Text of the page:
Investors: Here’re Some Important Insights About SATS Ltd’s Dividends

SATS Ltd (SGX: S58), a catering and ground-handling services provider, is a new blue chip stock in Singapore – it became one of the 30 constituents of Singapore’s market barometer, the Straits Times Index (SGX: ^STI), only recently on 21 September 2015.

It’s a blue chip with a decent dividend yield. At its current price of S$3.88, SATS has a yield of 3.6% thanks to its annual dividend of S$0.14 per share in its fiscal year ended 31 March 2015 (FY2015). This compares favourably with the yield of 3.4% that the SPDR STI ETF (SGX: ES3) – an exchange-traded fund tracking the Straits Times Index – carries at the moment.

Let’s have a look at two charts which can give us important insights about SATS’s dividend. The first chart illustrates the history of SATS’s annual dividends over the past decade:

Chart 1 - SATS's ordinary dividends per share

Source: S&P Capital IQ

One key takeaway here is SATS’s consistency in dishing out a dividend – the firm has not missed a single payout since FY2005. The stability in SATS’s dividend (the numbers have fluctuated between S$0.10 per share and S$0.14 per share for the most part for the period under study) is also noteworthy.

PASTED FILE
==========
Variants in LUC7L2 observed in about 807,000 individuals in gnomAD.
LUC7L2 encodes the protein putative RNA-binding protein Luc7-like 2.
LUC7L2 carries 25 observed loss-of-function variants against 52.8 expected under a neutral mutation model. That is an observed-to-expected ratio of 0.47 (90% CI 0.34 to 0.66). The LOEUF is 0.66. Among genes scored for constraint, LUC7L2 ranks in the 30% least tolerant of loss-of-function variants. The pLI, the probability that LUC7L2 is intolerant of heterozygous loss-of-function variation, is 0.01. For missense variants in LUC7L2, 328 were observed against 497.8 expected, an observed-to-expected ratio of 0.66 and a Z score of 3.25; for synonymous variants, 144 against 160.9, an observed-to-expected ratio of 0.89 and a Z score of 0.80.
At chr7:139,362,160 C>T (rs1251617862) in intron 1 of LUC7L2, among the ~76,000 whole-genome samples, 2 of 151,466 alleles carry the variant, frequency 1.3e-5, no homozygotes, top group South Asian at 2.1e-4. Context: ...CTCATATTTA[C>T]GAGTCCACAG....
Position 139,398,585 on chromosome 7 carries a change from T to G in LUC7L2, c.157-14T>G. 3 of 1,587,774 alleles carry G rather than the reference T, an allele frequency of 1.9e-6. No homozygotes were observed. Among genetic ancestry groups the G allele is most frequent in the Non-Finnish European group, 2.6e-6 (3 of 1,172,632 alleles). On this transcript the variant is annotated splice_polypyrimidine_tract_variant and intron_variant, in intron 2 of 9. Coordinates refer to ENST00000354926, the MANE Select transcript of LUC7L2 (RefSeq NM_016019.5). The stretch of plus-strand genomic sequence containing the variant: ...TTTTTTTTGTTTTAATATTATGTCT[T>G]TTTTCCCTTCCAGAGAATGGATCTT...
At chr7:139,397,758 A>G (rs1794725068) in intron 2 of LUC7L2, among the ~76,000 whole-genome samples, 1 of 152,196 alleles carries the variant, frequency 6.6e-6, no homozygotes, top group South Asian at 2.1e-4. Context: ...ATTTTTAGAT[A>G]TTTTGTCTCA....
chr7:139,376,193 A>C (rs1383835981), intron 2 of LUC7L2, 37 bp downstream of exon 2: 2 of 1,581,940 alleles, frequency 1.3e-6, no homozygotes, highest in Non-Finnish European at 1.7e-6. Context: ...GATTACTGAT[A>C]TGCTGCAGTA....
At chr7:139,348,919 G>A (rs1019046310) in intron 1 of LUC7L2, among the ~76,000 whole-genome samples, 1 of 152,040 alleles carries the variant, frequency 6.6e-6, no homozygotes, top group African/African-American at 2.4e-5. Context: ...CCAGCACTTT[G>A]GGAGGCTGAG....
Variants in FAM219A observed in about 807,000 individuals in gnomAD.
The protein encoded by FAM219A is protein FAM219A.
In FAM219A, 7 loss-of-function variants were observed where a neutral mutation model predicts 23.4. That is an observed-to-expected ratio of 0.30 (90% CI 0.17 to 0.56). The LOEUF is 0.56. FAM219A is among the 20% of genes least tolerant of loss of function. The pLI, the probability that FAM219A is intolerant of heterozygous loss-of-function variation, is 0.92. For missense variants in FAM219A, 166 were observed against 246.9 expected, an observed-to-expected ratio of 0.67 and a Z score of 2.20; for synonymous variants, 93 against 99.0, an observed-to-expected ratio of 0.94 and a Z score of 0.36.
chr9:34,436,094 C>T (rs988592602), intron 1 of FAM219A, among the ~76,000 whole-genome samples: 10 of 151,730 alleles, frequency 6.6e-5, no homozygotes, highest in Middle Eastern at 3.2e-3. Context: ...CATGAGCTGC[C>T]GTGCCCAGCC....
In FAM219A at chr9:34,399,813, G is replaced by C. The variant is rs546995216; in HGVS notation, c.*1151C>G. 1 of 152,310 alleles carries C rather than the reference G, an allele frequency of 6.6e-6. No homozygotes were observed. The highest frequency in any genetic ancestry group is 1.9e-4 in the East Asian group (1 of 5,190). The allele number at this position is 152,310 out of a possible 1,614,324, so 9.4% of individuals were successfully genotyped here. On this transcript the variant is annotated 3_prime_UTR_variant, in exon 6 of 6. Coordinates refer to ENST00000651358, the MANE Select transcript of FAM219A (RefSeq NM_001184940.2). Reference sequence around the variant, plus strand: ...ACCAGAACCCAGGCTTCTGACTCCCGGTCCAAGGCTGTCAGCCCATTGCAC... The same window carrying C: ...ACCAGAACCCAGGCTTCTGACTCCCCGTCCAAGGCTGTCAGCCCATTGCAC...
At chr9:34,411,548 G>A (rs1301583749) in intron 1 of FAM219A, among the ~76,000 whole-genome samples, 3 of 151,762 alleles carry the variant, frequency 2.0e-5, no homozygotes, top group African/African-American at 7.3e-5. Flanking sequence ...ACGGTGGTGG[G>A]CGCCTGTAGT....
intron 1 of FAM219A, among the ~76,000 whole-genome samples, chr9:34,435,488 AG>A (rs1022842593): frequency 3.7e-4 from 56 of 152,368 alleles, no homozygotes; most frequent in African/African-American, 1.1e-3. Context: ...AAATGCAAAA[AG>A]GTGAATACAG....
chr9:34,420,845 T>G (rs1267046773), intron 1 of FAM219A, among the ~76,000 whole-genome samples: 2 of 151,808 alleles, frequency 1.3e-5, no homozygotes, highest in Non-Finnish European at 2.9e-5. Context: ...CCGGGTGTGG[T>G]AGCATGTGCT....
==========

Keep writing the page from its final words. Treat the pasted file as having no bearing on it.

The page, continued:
These traits could give investors some confidence in the firm’s ability to carry on dishing out the dough in the future.

But, there’s an important risk here and it’s encapsulated by the second chart, which shows us SATS’s payout ratios (dividends as a percentage of profit and dividends as a percentage of free cash flow) since FY2005:

Chart 2 -SATS's payout ratios

Source: S&P Capital IQ

Payout ratios can give us some indication of a company’s room for error in maintaining or raising its dividends in the future. In general, a lower payout ratio would correspond to more room for error.

In the case of SATS, its payout ratios have unfortunately been trending higher. In FY2005, SATS’s dividend was just 54.7% and 47.6% of its earnings and free cash flow, respectively. After a decade, the numbers in FY2015 came in at 79.8% and 89.2%. With its currently high payout ratios, SATS may not have much wriggle room to protect its dividends should there be any unexpected downturn in its business.

To sum up what we’ve seen, while SATS’s track record with its dividends is admirable, investors have to be aware that the firm does not have a thick cushion to absorb hiccups when it comes to sustaining or growing its dividend.

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The information provided is for general information purposes only and is not intended to be personalised investment or financial advice. Motley Fool Singapore writer Chong Ser Jing doesn't own shares in any companies mentioned.